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Intermediate value Theorem?

  1. Mar 20, 2012 #1
    1. The problem statement, all variables and given/known data

    Let I:[a,b] and let f: I→ℝ be a function with the property where for all x in I, the function f is bounded on a neighborhood Vδx(x) of x. Prove that f is bounded on I.




    2. The attempt at a solution

    Let I:[a,b] and let f: I→ℝ be a function with the property where for all x in I, the function f is bounded on a neighborhood Vδx(x) of x. The interval I consists of real numbers a and b where a < b. According to the density theorem, there exists a c in I where a<c<b wher c is a cluster point of I. Also, following the density theorem there exists a x in I where a < x < c or c < x < b such that |a-x| = |b-x| = |c-x|. Now given an ε > 0, there exists a δ > 0 where |x - c | < δ ....

    Is this right up to this point?
    If it is, how do I proceed from here?
     
  2. jcsd
  3. Mar 20, 2012 #2

    Dick

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    I really have know idea where you are going with that. Shouldn't you use that the interval [a,b] is compact?
     
  4. Mar 20, 2012 #3
    I don't really know where i am going with it either. I do not recall what compact means, is that the same thing as a closed bounded interval.

    My text said to solve it like this limit theorem, If A is contained in R and f : A→ R has a limit at c in ℝ the f is bounded on some neighborhood of c.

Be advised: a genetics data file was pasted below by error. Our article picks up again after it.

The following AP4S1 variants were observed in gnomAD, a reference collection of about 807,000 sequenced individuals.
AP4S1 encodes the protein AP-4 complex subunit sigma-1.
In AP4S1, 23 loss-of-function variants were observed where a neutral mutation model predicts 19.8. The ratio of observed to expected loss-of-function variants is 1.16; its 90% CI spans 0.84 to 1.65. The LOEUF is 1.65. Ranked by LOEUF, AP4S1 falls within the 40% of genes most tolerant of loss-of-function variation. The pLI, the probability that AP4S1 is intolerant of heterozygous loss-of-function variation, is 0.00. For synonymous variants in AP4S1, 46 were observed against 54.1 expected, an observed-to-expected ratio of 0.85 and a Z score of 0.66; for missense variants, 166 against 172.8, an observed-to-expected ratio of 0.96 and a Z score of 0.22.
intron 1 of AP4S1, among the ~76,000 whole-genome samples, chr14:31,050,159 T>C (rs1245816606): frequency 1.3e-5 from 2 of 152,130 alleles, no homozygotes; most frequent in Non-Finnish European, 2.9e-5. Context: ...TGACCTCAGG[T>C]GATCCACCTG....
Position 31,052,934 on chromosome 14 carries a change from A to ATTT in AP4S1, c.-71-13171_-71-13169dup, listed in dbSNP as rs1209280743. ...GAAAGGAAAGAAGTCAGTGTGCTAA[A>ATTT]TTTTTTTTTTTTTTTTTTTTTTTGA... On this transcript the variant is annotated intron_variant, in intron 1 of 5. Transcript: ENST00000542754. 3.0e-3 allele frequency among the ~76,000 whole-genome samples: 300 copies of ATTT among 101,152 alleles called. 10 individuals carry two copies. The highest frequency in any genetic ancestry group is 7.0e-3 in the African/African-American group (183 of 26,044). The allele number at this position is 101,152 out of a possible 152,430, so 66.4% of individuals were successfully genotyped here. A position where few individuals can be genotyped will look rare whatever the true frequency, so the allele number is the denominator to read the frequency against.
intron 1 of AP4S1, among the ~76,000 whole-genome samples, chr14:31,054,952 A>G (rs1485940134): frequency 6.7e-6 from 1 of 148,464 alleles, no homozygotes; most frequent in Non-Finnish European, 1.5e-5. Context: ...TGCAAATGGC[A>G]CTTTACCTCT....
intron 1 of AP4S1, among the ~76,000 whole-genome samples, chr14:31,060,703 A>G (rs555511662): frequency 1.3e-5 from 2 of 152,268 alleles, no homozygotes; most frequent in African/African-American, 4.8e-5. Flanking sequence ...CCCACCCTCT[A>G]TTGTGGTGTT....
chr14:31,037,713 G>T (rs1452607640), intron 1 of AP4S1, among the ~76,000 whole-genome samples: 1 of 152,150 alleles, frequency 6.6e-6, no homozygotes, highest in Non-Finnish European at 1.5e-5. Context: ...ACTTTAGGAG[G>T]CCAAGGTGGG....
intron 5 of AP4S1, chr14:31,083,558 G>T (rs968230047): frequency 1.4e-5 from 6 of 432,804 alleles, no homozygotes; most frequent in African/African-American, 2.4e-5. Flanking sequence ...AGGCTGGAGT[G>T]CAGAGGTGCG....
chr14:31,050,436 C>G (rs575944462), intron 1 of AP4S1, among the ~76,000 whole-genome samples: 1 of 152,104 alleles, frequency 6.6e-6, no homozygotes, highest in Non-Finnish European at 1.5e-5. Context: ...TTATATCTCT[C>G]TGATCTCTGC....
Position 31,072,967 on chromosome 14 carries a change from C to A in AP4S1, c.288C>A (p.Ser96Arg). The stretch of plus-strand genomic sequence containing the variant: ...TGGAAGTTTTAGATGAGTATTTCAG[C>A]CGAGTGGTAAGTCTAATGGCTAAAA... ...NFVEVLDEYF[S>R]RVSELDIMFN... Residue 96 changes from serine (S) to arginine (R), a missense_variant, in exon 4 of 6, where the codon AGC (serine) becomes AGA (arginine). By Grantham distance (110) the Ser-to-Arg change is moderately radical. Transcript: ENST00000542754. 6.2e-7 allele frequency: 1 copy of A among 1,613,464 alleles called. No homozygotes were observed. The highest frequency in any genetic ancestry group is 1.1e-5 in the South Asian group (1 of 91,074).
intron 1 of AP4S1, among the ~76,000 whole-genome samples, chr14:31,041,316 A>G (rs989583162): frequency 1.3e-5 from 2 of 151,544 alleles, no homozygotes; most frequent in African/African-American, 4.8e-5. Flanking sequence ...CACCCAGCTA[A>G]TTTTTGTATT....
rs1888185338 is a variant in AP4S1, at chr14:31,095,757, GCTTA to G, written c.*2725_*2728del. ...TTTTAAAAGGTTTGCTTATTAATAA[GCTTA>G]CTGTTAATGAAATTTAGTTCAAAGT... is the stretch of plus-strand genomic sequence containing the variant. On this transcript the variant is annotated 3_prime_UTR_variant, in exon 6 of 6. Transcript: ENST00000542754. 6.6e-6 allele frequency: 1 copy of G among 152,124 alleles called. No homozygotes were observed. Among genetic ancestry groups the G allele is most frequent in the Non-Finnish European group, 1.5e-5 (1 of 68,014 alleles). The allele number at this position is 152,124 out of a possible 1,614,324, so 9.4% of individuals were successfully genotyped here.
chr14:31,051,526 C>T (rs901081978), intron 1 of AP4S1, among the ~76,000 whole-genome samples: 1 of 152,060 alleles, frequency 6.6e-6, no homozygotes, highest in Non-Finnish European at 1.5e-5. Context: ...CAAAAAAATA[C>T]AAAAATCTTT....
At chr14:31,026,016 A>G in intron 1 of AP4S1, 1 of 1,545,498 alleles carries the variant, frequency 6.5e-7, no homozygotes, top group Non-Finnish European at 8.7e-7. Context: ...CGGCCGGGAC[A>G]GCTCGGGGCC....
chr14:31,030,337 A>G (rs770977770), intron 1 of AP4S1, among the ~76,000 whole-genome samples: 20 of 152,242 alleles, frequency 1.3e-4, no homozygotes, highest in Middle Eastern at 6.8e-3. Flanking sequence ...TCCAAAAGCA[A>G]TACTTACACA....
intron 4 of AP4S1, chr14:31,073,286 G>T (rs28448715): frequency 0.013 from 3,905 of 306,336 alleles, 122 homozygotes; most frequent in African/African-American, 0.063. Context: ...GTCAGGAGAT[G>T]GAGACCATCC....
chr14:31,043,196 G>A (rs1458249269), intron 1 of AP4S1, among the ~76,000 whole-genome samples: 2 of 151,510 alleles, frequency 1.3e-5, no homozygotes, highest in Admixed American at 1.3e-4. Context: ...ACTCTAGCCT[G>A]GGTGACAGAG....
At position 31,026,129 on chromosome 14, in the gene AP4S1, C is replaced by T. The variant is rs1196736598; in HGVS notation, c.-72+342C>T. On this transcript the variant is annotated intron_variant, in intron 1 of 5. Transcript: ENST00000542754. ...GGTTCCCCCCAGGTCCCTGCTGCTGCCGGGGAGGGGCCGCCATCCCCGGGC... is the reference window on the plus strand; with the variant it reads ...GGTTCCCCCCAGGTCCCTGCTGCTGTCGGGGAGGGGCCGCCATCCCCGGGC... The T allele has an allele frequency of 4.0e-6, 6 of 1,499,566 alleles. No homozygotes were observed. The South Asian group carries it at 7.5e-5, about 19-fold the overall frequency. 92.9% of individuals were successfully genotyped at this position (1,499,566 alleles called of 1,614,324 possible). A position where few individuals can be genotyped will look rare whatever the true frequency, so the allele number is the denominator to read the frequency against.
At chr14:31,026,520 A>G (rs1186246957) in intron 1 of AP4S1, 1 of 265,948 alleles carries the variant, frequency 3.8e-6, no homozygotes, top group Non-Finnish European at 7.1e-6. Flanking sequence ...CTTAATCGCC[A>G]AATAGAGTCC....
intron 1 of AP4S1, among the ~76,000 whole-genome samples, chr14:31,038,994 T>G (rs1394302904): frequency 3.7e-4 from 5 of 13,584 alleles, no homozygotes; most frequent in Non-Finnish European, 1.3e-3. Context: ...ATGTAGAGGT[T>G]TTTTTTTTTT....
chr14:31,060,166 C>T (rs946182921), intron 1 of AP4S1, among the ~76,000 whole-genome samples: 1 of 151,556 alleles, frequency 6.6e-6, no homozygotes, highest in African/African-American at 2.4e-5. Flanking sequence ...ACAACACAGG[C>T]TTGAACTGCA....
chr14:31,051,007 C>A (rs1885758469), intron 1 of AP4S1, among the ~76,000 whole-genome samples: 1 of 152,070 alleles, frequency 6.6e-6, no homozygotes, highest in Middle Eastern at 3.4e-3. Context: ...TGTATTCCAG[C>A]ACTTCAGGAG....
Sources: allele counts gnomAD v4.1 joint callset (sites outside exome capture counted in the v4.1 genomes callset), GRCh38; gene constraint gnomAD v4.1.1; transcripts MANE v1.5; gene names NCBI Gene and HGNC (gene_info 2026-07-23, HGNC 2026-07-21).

I thought to have a neighborhood of c, i needed to have a cluster point, so i tried proving that [a,b] had a cluster point and then work towards bounding. I guess i am approaching it wrong.
     
  5. Mar 20, 2012 #4

    Dick

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    Yes, in your problem compact means closed and bounded. The property I'm looking for is that if [a,b] is closed and bounded and O is a set of open sets that cover [a,b], then there is a finite subset of O that also covers [a,b]. Do you know that?
     
  6. Mar 20, 2012 #5
    I did but I don't see how to use that here.
     
  7. Mar 20, 2012 #6

    Dick

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    Ok, then every point in [a,b] has a neighborhood in which it is bounded. Call those neighborhoods your collection O. The theorem tells you that [a,b] is covered by a finite number of neighborhoods on which is it bounded. Can you see how to combine the bounds on each of the finite number of neighborhoods to get a bound on all of [a,b]?
     
  8. Mar 20, 2012 #7
    That one i know.. let me think about that for a second.
     
  9. Mar 20, 2012 #8

    Dick

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    You can use either that or the open set formulation. They are really the same thing. To do it that way, assume f is unbounded. Then pick c_n such that |f(c_n)|>n for all n. What happens at a limit point of that sequence?
     
    Last edited: Mar 20, 2012
  10. Mar 20, 2012 #9